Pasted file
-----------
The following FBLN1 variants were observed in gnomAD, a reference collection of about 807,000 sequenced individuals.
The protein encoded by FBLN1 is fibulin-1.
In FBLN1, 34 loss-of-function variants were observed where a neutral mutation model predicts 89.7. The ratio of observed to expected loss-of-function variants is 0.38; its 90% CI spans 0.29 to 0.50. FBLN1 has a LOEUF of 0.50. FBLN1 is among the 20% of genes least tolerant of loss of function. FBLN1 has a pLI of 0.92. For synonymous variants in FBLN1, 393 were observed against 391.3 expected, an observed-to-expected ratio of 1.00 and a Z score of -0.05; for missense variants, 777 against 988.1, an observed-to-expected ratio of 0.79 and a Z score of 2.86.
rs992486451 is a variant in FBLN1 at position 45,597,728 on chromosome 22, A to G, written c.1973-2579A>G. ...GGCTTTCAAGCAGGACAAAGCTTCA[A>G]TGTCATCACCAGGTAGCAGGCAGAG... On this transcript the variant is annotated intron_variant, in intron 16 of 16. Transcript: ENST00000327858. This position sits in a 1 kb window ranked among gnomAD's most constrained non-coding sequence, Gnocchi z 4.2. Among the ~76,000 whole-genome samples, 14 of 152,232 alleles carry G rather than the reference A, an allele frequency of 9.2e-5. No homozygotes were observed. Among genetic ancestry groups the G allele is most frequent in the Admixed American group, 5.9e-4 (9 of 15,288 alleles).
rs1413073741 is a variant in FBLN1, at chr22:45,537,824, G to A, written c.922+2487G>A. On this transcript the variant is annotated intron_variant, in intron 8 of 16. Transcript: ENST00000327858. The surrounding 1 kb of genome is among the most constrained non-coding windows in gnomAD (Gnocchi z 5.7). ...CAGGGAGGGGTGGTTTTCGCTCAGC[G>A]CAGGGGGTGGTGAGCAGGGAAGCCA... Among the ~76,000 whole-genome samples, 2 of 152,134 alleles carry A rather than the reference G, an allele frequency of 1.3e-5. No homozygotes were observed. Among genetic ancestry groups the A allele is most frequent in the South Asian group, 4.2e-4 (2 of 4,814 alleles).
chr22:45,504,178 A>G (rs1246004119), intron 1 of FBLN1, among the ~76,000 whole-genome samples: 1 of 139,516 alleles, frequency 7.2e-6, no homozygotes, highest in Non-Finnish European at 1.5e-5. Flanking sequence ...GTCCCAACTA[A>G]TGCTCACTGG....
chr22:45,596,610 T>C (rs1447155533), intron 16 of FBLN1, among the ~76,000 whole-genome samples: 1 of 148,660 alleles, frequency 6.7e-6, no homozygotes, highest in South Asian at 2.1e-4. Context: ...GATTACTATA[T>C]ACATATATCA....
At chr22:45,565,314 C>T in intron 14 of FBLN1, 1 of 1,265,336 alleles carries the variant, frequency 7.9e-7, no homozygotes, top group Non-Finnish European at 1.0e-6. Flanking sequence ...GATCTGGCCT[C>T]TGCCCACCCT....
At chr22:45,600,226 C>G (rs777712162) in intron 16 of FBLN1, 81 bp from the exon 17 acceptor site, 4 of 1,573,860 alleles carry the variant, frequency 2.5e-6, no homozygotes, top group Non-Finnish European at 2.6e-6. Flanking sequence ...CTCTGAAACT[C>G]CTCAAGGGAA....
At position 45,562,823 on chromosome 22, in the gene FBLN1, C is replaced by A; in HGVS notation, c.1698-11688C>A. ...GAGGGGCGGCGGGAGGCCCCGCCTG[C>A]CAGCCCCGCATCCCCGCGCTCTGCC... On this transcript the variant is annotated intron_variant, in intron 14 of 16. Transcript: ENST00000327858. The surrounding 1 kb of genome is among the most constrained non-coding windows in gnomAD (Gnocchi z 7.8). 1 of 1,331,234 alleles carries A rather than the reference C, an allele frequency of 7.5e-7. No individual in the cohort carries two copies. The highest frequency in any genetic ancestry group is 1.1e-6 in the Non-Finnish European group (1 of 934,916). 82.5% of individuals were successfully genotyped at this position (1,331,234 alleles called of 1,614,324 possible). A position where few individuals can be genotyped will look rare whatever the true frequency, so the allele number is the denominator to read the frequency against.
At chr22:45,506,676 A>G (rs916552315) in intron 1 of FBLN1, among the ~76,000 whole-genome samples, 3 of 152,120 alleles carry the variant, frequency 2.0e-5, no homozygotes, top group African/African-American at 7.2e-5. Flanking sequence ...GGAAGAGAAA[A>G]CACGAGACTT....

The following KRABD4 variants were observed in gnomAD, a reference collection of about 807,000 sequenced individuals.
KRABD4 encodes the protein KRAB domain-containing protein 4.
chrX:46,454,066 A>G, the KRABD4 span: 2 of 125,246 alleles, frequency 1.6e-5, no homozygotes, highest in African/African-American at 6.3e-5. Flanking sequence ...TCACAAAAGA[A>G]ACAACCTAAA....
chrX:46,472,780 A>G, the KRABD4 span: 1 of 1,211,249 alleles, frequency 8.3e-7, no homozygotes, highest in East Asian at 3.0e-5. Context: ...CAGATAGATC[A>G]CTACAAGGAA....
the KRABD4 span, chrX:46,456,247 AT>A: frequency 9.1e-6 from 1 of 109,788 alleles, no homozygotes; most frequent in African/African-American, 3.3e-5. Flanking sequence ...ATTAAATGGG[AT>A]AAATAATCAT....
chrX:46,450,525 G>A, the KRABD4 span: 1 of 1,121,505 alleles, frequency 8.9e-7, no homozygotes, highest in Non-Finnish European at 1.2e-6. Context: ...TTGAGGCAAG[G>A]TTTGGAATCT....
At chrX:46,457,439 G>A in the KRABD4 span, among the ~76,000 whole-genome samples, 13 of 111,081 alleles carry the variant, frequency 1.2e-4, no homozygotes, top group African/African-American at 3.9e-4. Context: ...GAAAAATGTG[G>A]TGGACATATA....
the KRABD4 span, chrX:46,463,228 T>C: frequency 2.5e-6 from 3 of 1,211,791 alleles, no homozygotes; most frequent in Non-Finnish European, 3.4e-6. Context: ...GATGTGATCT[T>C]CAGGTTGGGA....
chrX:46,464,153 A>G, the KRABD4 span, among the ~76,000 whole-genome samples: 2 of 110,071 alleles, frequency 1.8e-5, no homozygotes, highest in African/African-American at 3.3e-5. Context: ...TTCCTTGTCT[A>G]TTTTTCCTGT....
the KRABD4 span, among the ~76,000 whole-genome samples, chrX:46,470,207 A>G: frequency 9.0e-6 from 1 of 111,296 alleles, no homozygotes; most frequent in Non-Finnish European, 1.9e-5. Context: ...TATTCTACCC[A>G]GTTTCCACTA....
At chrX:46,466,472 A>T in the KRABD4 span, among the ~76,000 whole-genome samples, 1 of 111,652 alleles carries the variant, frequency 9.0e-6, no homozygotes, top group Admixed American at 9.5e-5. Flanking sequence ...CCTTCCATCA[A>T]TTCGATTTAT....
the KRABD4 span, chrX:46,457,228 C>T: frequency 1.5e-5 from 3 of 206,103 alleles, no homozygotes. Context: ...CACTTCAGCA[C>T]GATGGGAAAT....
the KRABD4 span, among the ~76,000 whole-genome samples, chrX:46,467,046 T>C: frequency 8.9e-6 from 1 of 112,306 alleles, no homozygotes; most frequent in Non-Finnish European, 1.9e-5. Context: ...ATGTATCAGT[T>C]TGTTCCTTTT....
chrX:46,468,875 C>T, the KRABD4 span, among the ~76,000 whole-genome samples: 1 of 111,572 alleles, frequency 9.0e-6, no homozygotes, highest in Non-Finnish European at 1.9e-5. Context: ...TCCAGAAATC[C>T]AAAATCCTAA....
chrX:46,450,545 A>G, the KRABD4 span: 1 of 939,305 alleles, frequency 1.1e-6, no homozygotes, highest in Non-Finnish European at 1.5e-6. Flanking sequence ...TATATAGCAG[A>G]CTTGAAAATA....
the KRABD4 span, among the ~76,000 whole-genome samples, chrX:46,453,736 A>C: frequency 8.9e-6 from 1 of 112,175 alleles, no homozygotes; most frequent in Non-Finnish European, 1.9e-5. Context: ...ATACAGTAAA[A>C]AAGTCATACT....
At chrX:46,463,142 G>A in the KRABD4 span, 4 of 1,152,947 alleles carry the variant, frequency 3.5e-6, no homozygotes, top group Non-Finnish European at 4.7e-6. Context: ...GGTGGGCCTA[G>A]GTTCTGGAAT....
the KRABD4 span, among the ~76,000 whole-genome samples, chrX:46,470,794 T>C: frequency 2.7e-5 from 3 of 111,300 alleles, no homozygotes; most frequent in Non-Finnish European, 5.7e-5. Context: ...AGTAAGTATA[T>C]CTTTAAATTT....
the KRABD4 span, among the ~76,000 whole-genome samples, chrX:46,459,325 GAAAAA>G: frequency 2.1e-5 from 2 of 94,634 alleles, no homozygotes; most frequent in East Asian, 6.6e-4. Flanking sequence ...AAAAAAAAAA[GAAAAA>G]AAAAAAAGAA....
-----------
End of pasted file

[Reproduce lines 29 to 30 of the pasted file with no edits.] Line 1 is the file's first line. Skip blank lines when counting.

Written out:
the KRABD4 span, among the ~76,000 whole-genome samples, chrX:46,470,794 T>C: frequency 2.7e-5 from 3 of 111,300 alleles, no homozygotes; most frequent in Non-Finnish European, 5.7e-5. Context: ...AGTAAGTATA[T>C]CTTTAAATTT....
the KRABD4 span, among the ~76,000 whole-genome samples, chrX:46,459,325 GAAAAA>G: frequency 2.1e-5 from 2 of 94,634 alleles, no homozygotes; most frequent in East Asian, 6.6e-4. Flanking sequence ...AAAAAAAAAA[GAAAAA>G]AAAAAAAGAA....